Problems & Solutions of a #Diabetic Athlete

As a diabetic I run into some problems unique to us, or just me, while running. Some of them just stumped me how obvious the solution was, others I am still throwing darts in the dark at sometimes, others I am following the clues.

  1. Hypoglycemia while running – Before I had a pump I would have to eat quite a bit before, without bolus, and during a run else my glucose levels would drop and I would become hypoglycemic. Currently, I use a pump and I reduce my basal to 25% of normal 90 minutes before I start. This will usually keep it dropping a little but I do not need a lot of carbohydrates during and none before the run. I try to keep my glucose between 5.5mmol/L(100mg/dL) to 8mmol/L(150mg/dL) as I seem to work best there. Another benefit of the temp basal is that if I run out or forget carbohydrates I can just stop or walk slowly and my blood sugar will rise back to normal. I don’t usually go running within 4hrs of a bolus so the only insulin working is the basal and at the low effort it will become inadequate
  2. Pump site falls out – This one threw me for a bit. I tried just Skinprep, Skintac, and Tegaderm but it did not stay stuck when I got hot and sweaty. I found a product called Mastisol that along with a Skinprep application seems to mostly work. But not always, so in long races, especially in the U.S. where a Canadian is hard pressed to get coverage, I will wear or bring a spare site with me. I do this when I’m back country trail running too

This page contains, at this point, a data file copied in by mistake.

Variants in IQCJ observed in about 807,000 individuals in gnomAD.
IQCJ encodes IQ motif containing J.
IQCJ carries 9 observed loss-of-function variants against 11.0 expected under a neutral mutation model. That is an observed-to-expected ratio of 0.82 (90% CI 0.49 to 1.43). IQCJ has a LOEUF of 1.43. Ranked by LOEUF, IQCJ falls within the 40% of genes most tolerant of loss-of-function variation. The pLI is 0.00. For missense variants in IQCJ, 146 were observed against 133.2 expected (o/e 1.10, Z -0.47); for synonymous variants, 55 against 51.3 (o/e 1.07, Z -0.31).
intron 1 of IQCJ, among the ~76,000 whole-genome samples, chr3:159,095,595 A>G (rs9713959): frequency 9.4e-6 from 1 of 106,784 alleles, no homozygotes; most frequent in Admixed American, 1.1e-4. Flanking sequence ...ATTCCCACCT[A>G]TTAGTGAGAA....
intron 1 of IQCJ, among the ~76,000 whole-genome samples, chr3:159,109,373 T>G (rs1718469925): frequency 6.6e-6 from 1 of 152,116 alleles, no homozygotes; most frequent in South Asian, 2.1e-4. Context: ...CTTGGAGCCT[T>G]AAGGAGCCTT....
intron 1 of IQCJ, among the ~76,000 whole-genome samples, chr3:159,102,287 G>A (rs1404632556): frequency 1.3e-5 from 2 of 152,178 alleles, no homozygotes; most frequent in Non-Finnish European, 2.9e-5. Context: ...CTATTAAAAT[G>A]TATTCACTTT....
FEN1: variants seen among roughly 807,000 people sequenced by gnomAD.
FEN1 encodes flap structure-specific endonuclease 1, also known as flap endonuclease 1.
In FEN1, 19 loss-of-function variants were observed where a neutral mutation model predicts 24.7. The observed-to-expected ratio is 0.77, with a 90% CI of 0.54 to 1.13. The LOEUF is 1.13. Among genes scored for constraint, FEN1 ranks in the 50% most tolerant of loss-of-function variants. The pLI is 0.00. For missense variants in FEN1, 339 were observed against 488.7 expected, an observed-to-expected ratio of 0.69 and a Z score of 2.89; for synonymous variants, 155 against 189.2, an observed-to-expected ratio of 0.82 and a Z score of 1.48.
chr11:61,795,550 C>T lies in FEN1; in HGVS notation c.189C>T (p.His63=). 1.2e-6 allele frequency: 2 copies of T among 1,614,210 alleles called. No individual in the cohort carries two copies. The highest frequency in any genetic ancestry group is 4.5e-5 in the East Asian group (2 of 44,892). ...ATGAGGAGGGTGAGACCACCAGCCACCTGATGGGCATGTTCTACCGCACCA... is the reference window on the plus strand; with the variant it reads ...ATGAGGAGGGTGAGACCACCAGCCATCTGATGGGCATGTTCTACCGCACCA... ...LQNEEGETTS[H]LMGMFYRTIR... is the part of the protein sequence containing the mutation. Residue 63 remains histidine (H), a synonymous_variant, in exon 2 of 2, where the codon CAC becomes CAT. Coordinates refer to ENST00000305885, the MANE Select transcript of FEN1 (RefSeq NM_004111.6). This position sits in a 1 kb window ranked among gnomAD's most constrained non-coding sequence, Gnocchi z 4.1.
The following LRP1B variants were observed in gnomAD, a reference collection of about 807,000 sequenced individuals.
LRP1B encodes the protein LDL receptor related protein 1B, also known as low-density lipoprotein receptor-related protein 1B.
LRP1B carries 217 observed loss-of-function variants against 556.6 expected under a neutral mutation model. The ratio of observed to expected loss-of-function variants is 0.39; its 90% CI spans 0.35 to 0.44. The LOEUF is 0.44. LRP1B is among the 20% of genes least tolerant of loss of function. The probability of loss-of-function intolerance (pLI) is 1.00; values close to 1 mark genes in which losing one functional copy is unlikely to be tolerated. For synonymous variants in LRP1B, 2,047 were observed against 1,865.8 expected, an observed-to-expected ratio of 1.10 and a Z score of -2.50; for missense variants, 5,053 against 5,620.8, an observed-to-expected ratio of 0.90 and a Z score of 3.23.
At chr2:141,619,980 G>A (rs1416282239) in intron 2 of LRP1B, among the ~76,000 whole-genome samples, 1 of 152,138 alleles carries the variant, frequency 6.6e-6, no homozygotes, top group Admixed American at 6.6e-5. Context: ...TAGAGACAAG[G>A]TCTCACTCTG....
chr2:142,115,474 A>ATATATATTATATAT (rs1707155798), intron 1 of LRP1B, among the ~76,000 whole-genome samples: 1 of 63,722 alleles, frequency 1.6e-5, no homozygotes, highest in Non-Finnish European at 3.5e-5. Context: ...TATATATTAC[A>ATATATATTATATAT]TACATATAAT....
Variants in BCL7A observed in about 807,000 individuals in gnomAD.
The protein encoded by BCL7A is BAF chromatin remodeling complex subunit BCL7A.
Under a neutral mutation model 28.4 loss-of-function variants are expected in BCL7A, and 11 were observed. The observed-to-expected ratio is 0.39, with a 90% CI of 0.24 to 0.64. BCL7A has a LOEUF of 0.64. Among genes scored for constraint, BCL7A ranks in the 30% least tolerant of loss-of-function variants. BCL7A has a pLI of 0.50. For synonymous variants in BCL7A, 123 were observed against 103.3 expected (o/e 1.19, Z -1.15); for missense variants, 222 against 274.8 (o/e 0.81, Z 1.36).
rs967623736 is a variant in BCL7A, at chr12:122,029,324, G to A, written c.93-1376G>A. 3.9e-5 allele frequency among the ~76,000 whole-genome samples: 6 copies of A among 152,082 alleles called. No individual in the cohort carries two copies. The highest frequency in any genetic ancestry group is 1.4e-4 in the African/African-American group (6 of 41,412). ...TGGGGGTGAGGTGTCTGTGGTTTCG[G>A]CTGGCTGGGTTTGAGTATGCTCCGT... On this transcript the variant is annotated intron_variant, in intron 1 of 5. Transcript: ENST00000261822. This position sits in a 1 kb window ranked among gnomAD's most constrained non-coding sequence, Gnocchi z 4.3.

3. Hyperglycemia after running – This one isn’t as common but I know other endurance athletes that deal with it, it generally affects those doing short high intensity workouts. For me, pretty much every time I run it will happen. I am still working on this one and there have not been a lot of guidelines to help me. Currently I am retuning my temp basal to normal about 20min prior to stopping and bolusing for the insulin that I will be missing in my basal for the next 2hrs. My temp basal is 25% of normal and say I was using 1unit/hr normally. That leaves me needing an extra 1.5units to cover the gap. I suspect I will need to add more but have not tested yet; the liver is still pushing out a lot of glucose at the end of a run. I try not to eat a lot of high GI foods for a few hours after too.
  4. Dropping a high blood sugar quickly – I have been able to text and figure out how fast my blood sugar drops with a normal basal. Currently about 20mmol/L(360mg/dL) in 30min. If I have a large high sugar level that I let slip by, instead of waiting for insulin to work over hours I will go for a 20-30minute run. It seems to work well and I carry lots of carbohydrates and watch the CGM. I like this because I can just go run not planning it for 90min and take control of he high sugar

That is about all I can think of now. I will add more blog entries as more problems come up or I think of others.

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